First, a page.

Review: Avengers and X-Men: Axis #5
“Avengers and X-Men: Axis #5 was the perfect opportunity for Remender and Marvel to bring a much needed sense of urgency and dynamism to the so-far meandering story. However, with cookie-cutter characterization and an ambling pace, my interest in the endgame to Axis’ story is quickly becoming inverted for the worse.”
Avengers and X-Men: Axis #5
Publisher: Marvel Comics
Writer: Rick Remender
Artist: Terry Dodson and Rachel Dodson
Release Date: Wed, November 12th, 2014
The problem with so many Big Event comic book stories is that, due to the nature of the comic book business, sometimes the pacing can become off balance at times. As I noted in my review of Avengers and X-Men: Axis #4, these sorts of tales can go on and off the rails for several reasons, including the need for a page count for an inevitable collected edition of a story. Axis #4 certainly felt like such a filler story, but with Avengers and X-Men: Axis #5 marking the halfway point in the miniseries, I soldiered on with reading as writer Rick Remender spun his yarn of heroes becoming villains and villains emerging as heroes. Typically, the midpoint of these Big Events result in some kind of game-changer in the tale (and with the plodding pace of Axis, such a course alteration was sorely needed). Does Axis #5 get an inversion in its story that the characters receive?
As the comic begins, Spider-Man and Nova make their way to Avengers Tower at the behest of the Falcon acting as Captain America to join the rest of the Marvel Universe’s heroes to address the escape of the Red Skull. Cap believes that one of the heroes has aided the Skull in his flight from Avengers Tower and uses Pym particles culled from the Wasp to shrink the assembled do-gooders. Spidey and Nova manage to escape capture by Captain Ameri-Falcon and the other inverted heroes, joining up with Steve Rogers and Magneto to decide how to deal the crisis. Meanwhile, the X-Men, led by Apocalypse, storm Avengers Tower to liberate the Red Skull, whom they believe to still be in Avenger custody, and attempt to pull what’s left of their mentor Professor Xavier’s mind from the Skull’s body.
While there is certainly some modicum of plot progression in Axis #5, I feel like what did occur did not necessitate a full-length chapter in a comic book story. What little movement in story we did see could have been accomplished in half the number of pages. We see the heroes acting like royal jackasses for pages and pages, and I feel like Remender is retreading the same ground explored in the previous issue.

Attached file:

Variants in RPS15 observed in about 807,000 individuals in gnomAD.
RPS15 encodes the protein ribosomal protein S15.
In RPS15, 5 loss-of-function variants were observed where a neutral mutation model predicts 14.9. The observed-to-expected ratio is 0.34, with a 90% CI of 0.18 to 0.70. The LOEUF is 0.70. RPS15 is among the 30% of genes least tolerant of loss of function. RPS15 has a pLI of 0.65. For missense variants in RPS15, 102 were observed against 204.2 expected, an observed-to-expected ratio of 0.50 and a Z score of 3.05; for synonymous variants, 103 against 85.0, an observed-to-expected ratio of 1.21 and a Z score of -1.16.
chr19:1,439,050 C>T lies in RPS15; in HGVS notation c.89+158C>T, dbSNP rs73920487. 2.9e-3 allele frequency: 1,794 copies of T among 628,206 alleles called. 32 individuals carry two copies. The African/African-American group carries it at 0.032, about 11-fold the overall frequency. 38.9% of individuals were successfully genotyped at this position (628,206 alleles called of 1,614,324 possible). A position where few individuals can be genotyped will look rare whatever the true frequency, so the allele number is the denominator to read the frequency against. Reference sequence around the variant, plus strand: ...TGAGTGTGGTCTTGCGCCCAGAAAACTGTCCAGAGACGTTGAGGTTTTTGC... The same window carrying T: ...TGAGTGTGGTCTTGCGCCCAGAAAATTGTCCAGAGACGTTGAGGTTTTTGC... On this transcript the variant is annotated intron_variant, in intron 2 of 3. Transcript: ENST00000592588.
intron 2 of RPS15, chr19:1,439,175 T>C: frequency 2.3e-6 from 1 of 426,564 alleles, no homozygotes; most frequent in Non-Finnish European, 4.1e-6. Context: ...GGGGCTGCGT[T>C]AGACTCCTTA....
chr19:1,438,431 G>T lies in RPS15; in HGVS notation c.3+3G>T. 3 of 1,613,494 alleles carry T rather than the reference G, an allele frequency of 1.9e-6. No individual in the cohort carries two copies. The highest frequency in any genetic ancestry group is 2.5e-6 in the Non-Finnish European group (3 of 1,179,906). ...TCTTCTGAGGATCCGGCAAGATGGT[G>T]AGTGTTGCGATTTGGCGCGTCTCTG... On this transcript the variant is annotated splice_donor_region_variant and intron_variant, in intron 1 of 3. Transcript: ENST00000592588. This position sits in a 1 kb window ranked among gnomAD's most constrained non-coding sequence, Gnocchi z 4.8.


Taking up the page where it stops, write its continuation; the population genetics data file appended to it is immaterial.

The interaction between Spider-Man and Nova keeps the book from completely missing the storytelling mark. As with last issue, Spider-Man works best in these types of events when he acts as the eyes of the reader, being the everyman watching as the world’s axis is flipped. Not only that, Remender knows how to deliver with the funny, as he proved in writing the character Deadpool over in Uncanny X-Force. After reading his depiction of Marvel’s favorite wallcrawler, I would definitely read a Remender-helmed Spider-Man book should the day ever come.
As pitch-perfect as Remender writes Peter Parker, however, he doesn’t seem to know what to do with the inverted heroes. In interview after interview, comic book writers reiterate that the best villains are those who are nuanced, who don’t act like the mustache-twirling ne’er-do-wells from the movie serials of yesteryear. Remender has showed that he knows just that in his work in the aforementioned X-Force, exploring the motivations of characters from Wolverine’s maniacal son to the morally-ambiguous Deadpool. However, as I pointed out in my review of issue 4, the inverted heroes in Axis are portrayed as archetypal cutouts of a villain with a capital V. They seem to be acting out as evil that seems rote and textbook at best. Marvel’s best villains, from Loki to Magneto, are shown to have shades of grey, and yet none of that seems present in the inverted heroes in Axis.
After the lackluster art from the previous installments, it’s refreshing to see Terry Dodson and Rachel Dodson take over on art. As always, their clean linework and Terry’s sense of storytelling make for a visually appealing cornucopia of candy for the eyes. The pair know how to make a comic book fun to read while keeping the tale feel kinetic and grounded. If only they could retain the artistic reins for the entirety of the series, then at least reading the tale would feel like less of a chore.
Avengers and X-Men: Axis #5 was the perfect opportunity for Remender and Marvel to bring a much needed sense of urgency and dynamism to the so-far meandering story. However, with cookie-cutter characterization and an ambling pace, my interest in the endgame to Axis’ story is quickly becoming inverted for the worse.